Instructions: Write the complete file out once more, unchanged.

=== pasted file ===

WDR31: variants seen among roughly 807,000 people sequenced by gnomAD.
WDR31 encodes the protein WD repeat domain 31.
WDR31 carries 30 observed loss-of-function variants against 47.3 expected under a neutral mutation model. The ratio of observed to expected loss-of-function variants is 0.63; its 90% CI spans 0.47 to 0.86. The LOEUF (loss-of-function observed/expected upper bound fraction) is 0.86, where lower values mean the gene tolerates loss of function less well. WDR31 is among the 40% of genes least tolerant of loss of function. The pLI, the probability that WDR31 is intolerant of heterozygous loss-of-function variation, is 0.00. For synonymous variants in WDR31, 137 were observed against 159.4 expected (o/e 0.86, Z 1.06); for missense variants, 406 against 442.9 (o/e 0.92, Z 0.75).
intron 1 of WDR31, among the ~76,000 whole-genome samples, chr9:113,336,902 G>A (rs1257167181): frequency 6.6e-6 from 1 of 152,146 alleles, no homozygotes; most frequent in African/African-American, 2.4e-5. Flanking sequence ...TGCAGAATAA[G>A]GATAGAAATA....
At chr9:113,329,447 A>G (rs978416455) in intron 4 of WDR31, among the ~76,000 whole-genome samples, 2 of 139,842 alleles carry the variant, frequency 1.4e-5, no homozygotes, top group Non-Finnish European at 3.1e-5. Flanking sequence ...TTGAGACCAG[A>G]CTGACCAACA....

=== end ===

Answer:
WDR31: variants seen among roughly 807,000 people sequenced by gnomAD.
WDR31 encodes the protein WD repeat domain 31.
WDR31 carries 30 observed loss-of-function variants against 47.3 expected under a neutral mutation model. The ratio of observed to expected loss-of-function variants is 0.63; its 90% CI spans 0.47 to 0.86. The LOEUF (loss-of-function observed/expected upper bound fraction) is 0.86, where lower values mean the gene tolerates loss of function less well. WDR31 is among the 40% of genes least tolerant of loss of function. The pLI, the probability that WDR31 is intolerant of heterozygous loss-of-function variation, is 0.00. For synonymous variants in WDR31, 137 were observed against 159.4 expected (o/e 0.86, Z 1.06); for missense variants, 406 against 442.9 (o/e 0.92, Z 0.75).
intron 1 of WDR31, among the ~76,000 whole-genome samples, chr9:113,336,902 G>A (rs1257167181): frequency 6.6e-6 from 1 of 152,146 alleles, no homozygotes; most frequent in African/African-American, 2.4e-5. Flanking sequence ...TGCAGAATAA[G>A]GATAGAAATA....
At chr9:113,329,447 A>G (rs978416455) in intron 4 of WDR31, among the ~76,000 whole-genome samples, 2 of 139,842 alleles carry the variant, frequency 1.4e-5, no homozygotes, top group Non-Finnish European at 3.1e-5. Flanking sequence ...TTGAGACCAG[A>G]CTGACCAACA....